For me, this tender poem by the American poet Theodore Roethke captures the fragility of life. It moves from the rescue of a tiny creature to the escape of that creature into its natural habitat, where it is fatally vulnerable. The protective instincts of the “I” in the poem, so anxious for the mouse and so eager to believe that it feels calm and safe in its captivity, are foiled by the mouse’s instinct for freedom. As the authorial “I” accepts the fact that the mouse has gone, the poem turns into a meditation on the ruthlessness of circumstance. It invites profound empathy. I cannot read it without my eyes filling with tears.
“The Meadow Mouse” by Theodore Roethke (1908–1963)
In a shoe box stuffed in an old nylon stocking
Sleeps the baby mouse I found in the meadow,
Where he trembled and shook beneath a stick
Till I caught him up by the tail and brought him in,
Cradled in my hand,
A little quaker, the whole body of him trembling,
His absurd whiskers sticking out like a cartoon-mouse,
His feet like small leaves,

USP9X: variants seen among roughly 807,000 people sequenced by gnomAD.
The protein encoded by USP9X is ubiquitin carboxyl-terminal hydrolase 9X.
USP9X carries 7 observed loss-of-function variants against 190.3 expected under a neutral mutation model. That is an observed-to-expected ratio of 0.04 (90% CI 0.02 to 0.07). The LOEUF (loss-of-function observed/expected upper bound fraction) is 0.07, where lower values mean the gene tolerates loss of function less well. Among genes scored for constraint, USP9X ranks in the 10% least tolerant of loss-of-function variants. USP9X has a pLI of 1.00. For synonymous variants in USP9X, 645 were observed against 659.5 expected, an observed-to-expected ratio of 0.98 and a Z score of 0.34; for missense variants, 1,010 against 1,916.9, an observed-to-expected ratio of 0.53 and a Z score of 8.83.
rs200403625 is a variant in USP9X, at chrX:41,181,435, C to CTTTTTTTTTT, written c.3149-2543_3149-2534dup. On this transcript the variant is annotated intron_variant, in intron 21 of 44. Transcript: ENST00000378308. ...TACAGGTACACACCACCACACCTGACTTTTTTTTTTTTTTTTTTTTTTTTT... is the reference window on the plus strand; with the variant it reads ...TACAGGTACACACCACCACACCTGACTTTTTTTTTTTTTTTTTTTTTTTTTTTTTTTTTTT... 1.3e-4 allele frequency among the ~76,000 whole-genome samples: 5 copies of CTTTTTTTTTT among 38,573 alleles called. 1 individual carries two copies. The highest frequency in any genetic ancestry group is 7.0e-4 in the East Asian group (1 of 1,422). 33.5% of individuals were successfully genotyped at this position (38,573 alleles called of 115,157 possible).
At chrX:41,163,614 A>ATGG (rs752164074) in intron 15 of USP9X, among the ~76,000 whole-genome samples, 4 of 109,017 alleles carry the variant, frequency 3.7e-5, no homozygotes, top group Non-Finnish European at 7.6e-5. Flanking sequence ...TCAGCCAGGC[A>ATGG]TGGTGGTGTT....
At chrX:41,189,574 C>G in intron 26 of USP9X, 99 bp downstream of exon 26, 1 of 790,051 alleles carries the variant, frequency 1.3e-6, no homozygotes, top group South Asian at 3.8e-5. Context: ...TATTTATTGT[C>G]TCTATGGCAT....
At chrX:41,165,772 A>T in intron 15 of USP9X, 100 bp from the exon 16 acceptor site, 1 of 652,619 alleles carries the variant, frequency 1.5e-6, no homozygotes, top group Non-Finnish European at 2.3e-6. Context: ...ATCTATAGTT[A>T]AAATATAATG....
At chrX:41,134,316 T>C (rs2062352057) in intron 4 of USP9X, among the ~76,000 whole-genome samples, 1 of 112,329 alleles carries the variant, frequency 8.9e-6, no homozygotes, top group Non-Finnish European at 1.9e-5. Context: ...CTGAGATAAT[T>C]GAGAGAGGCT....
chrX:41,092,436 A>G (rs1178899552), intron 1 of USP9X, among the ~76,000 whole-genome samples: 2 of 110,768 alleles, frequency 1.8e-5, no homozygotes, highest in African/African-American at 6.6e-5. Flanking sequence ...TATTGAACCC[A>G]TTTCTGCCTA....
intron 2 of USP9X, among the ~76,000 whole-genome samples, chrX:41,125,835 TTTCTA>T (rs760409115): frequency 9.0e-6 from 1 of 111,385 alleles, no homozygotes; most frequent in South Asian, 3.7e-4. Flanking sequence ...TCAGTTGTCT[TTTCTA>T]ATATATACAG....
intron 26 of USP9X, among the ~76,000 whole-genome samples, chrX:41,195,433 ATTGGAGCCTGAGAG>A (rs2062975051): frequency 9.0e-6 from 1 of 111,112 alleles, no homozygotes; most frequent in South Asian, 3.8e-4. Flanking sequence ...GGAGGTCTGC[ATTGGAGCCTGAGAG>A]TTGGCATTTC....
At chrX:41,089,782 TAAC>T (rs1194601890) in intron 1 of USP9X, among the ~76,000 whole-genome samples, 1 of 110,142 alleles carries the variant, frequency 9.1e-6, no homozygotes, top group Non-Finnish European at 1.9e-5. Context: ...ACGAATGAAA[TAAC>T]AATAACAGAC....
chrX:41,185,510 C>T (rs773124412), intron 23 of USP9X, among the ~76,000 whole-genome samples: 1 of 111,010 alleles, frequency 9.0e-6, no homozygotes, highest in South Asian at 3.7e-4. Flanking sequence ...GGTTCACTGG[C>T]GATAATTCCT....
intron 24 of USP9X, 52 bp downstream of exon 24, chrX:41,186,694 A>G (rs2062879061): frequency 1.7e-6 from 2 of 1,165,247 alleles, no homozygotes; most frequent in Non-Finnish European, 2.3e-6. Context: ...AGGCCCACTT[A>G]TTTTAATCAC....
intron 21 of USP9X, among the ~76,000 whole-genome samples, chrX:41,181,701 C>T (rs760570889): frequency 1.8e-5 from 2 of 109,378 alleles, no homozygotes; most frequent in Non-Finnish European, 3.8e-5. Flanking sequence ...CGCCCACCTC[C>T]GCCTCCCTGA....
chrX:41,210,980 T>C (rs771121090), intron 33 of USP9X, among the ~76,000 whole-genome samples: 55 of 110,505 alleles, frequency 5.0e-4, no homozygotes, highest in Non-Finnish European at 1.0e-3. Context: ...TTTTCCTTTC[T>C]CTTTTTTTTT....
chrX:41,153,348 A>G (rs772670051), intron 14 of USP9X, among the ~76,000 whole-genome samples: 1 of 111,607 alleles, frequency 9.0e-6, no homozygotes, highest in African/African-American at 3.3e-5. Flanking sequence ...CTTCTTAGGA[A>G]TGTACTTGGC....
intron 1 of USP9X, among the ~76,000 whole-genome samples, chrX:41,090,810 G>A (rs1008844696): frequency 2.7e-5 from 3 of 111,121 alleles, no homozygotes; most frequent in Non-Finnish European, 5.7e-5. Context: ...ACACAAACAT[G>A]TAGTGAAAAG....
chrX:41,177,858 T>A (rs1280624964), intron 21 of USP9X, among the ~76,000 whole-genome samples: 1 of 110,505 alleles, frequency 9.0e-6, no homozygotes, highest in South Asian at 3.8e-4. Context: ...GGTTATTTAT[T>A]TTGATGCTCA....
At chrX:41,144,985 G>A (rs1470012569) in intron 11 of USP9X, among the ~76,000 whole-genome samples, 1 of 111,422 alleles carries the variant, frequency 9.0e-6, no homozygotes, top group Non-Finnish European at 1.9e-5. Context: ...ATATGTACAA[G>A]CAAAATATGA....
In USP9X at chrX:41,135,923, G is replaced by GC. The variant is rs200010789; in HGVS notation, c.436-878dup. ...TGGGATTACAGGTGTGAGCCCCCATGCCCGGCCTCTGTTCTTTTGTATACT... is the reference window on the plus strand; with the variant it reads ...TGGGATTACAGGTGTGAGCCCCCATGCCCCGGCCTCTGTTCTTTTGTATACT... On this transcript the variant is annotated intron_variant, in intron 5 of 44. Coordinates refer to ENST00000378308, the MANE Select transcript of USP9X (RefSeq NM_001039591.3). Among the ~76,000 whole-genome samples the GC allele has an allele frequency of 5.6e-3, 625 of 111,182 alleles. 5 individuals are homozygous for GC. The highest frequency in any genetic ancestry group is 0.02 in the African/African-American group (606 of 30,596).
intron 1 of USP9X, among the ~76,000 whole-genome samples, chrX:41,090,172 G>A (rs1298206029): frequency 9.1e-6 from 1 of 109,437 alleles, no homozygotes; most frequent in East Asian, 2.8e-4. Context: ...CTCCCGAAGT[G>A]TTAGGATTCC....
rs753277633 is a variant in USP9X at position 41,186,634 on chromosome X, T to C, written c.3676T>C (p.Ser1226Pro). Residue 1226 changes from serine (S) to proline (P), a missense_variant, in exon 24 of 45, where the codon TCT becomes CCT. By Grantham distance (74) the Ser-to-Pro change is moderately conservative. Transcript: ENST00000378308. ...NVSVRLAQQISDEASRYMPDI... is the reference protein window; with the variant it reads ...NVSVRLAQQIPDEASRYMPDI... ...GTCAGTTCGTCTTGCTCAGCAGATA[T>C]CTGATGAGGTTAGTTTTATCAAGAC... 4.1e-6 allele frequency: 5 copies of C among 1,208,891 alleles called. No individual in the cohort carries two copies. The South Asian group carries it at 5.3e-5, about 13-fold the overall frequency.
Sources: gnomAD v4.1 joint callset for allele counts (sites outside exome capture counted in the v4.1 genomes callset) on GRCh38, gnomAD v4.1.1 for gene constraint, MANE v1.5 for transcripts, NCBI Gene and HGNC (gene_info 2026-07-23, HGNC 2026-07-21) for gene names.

Whitish and spread wide when he tried to struggle away,
Wriggling like a minuscule puppy.
Now he’s eaten his three kinds of cheese and drunk from his
So much he just lies in one corner,
His tail curled under him, his belly big
As his head; his bat-like ears
Twitching, tilting toward the least sound.
Do I imagine he no longer trembles
When I come close to him?
He seems no longer to tremble.
But this morning the shoe-box house on the back porch is empty. Where has he gone, my meadow mouse,
My thumb of a child that nuzzled in my palm? --
To run under the hawk’s wing,
Under the eye of the great owl watching from the elm-tree,
To live by courtesy of the shrike, the snake, the tom-cat.
I think of the nestling fallen into the deep grass,
The turtle gasping in the dusty rubble of the highway, The paralytic stunned in the tub, and the water rising,—
All things innocent, hapless, forsaken.